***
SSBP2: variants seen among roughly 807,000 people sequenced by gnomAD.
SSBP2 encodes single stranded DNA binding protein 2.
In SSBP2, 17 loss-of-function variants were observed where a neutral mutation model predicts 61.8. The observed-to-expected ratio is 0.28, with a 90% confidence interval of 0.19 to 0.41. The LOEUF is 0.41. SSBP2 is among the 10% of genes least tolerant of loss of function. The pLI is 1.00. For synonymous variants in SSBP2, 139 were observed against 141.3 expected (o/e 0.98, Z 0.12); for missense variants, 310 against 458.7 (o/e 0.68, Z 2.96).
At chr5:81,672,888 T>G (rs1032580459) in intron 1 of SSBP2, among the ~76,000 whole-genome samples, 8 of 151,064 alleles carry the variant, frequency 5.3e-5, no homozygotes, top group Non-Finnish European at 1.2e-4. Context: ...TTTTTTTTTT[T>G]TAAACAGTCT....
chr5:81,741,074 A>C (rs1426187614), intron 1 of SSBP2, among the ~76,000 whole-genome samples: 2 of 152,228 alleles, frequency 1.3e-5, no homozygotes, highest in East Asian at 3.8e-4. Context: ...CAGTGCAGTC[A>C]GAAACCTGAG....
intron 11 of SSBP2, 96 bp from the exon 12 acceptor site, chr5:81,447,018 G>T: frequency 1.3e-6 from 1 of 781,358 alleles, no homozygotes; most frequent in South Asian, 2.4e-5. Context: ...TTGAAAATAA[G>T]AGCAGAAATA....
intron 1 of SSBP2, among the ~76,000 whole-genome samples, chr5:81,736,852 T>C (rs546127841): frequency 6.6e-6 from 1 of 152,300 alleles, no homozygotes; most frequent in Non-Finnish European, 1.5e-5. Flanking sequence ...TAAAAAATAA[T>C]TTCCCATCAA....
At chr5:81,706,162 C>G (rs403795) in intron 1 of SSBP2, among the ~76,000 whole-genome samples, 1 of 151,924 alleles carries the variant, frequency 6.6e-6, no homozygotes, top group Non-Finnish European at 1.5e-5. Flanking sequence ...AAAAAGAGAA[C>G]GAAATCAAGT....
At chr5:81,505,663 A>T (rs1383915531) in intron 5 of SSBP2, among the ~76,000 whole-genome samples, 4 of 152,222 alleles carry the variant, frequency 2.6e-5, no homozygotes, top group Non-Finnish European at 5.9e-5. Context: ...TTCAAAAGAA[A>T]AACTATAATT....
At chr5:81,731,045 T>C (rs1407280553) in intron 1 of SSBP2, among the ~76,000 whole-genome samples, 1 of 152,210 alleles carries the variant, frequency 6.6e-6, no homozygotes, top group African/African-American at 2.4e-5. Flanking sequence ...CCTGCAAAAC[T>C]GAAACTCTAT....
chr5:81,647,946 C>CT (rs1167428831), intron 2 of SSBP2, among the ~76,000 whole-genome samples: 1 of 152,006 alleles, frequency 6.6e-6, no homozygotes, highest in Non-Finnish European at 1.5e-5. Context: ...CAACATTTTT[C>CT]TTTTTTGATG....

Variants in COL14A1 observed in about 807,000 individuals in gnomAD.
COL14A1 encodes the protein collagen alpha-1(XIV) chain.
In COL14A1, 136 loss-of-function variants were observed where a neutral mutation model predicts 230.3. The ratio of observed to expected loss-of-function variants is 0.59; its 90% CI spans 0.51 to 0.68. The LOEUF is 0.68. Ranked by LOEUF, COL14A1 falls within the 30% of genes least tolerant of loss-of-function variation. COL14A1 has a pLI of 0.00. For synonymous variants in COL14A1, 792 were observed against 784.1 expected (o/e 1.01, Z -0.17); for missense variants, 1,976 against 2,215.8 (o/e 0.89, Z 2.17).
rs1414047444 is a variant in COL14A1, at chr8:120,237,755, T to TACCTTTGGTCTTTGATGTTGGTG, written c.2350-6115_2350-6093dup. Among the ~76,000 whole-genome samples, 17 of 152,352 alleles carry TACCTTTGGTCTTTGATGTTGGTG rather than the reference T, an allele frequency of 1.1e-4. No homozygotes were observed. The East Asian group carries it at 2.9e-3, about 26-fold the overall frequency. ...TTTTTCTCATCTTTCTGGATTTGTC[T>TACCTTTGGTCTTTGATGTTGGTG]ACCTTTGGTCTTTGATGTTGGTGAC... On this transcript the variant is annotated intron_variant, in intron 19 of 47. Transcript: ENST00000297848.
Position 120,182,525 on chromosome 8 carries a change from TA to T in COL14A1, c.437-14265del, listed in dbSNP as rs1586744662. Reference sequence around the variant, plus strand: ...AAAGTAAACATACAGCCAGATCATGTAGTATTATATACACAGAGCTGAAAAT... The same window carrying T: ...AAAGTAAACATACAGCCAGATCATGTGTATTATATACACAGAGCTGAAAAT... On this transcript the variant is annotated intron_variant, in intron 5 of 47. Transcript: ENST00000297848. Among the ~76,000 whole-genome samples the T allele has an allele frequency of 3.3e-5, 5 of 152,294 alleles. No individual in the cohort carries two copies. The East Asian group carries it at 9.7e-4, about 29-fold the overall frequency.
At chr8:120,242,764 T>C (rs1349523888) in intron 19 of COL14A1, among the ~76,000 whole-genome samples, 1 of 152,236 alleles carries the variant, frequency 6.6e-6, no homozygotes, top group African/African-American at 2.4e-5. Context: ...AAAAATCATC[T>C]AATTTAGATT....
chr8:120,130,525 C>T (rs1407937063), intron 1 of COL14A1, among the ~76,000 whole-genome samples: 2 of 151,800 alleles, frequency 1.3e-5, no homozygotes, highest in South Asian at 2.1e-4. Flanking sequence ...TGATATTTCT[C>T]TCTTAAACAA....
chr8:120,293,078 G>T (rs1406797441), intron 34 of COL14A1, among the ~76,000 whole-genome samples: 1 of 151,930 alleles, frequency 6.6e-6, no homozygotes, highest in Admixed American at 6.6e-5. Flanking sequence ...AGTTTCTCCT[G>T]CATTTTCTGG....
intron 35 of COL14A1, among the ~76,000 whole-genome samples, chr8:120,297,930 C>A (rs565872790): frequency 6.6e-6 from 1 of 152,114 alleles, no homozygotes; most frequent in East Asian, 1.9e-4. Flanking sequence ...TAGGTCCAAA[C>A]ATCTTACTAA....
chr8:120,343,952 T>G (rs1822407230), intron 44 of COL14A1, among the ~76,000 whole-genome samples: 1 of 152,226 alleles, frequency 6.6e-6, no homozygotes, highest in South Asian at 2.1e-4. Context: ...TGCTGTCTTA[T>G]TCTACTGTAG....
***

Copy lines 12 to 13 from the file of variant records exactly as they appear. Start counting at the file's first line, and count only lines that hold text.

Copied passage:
Variants in COL14A1 observed in about 807,000 individuals in gnomAD.
COL14A1 encodes the protein collagen alpha-1(XIV) chain.